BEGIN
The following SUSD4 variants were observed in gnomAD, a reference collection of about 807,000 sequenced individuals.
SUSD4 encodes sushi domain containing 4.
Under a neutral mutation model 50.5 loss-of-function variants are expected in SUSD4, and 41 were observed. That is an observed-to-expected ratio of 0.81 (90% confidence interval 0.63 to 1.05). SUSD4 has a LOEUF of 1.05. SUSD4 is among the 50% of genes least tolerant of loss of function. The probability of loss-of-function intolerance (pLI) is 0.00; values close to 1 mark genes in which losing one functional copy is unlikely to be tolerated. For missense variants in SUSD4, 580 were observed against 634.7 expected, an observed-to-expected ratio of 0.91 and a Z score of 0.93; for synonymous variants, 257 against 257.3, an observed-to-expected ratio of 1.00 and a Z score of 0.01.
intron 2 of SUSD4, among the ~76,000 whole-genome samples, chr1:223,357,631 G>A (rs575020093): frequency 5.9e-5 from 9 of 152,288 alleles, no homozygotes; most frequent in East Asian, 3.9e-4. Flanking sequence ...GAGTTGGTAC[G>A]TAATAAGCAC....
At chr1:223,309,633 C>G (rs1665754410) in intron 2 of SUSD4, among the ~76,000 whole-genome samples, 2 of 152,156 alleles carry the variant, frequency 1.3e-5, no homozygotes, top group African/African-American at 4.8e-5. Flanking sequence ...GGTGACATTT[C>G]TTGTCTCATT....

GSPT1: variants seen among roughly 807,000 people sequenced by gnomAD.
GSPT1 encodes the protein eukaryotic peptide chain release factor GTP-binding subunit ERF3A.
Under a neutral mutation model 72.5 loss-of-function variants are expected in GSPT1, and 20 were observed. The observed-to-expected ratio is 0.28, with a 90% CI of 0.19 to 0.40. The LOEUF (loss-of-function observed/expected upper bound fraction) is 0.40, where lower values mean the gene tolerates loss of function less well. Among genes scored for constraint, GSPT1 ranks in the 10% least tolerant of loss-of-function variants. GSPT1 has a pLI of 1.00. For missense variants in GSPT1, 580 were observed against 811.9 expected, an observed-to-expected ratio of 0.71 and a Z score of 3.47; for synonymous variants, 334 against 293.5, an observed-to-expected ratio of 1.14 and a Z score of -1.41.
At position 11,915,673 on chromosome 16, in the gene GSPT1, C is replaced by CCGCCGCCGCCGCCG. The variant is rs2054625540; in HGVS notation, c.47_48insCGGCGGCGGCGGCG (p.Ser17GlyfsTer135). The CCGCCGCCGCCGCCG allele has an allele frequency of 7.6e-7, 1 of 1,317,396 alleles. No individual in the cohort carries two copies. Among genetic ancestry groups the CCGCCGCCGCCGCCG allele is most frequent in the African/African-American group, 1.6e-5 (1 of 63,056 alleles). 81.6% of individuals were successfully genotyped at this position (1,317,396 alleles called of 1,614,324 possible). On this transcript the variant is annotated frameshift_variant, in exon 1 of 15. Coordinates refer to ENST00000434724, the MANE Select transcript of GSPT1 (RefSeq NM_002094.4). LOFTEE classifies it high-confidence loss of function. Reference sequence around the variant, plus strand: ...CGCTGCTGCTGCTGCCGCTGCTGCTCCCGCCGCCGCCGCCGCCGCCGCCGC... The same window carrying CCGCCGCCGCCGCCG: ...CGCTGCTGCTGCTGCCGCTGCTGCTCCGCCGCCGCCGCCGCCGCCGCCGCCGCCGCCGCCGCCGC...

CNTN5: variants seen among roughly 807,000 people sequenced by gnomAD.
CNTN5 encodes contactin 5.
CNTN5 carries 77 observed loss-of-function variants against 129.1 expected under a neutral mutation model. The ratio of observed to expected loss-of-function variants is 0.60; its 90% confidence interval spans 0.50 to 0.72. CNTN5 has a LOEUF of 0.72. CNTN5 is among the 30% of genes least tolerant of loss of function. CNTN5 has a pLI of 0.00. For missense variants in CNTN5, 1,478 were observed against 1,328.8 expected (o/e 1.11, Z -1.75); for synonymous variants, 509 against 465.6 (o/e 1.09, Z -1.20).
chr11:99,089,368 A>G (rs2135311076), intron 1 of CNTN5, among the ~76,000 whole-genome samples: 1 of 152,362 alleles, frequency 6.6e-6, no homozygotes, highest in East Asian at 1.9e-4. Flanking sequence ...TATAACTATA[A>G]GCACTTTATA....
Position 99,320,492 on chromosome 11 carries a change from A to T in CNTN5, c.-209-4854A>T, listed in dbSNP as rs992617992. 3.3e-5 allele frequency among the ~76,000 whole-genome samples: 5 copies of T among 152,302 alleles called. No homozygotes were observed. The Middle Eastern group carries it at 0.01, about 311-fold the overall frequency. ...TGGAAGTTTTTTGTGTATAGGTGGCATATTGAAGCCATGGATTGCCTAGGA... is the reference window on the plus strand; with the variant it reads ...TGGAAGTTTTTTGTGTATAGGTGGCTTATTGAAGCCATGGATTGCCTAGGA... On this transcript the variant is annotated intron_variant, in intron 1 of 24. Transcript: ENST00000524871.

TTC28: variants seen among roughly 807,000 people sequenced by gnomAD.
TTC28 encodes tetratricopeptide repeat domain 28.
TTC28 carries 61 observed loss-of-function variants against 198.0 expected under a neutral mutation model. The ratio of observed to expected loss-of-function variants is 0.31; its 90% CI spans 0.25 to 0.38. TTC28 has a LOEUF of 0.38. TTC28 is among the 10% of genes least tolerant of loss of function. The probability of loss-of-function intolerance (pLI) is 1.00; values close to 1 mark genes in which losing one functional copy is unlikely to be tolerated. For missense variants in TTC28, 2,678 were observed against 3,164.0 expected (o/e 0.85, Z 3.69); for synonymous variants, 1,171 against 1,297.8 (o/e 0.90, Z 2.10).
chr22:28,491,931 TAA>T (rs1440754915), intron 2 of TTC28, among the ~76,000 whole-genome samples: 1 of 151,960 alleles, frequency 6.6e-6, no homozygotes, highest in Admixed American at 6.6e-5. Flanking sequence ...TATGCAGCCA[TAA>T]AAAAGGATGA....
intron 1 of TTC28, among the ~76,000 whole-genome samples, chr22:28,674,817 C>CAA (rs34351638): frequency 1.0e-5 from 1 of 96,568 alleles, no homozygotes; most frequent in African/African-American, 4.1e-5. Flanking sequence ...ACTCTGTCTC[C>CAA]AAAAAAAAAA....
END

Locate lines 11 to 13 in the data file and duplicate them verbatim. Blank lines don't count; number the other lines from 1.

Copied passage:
CNTN5 encodes contactin 5.
CNTN5 carries 77 observed loss-of-function variants against 129.1 expected under a neutral mutation model. The ratio of observed to expected loss-of-function variants is 0.60; its 90% confidence interval spans 0.50 to 0.72. CNTN5 has a LOEUF of 0.72. CNTN5 is among the 30% of genes least tolerant of loss of function. CNTN5 has a pLI of 0.00. For missense variants in CNTN5, 1,478 were observed against 1,328.8 expected (o/e 1.11, Z -1.75); for synonymous variants, 509 against 465.6 (o/e 1.09, Z -1.20).
chr11:99,089,368 A>G (rs2135311076), intron 1 of CNTN5, among the ~76,000 whole-genome samples: 1 of 152,362 alleles, frequency 6.6e-6, no homozygotes, highest in East Asian at 1.9e-4. Flanking sequence ...TATAACTATA[A>G]GCACTTTATA....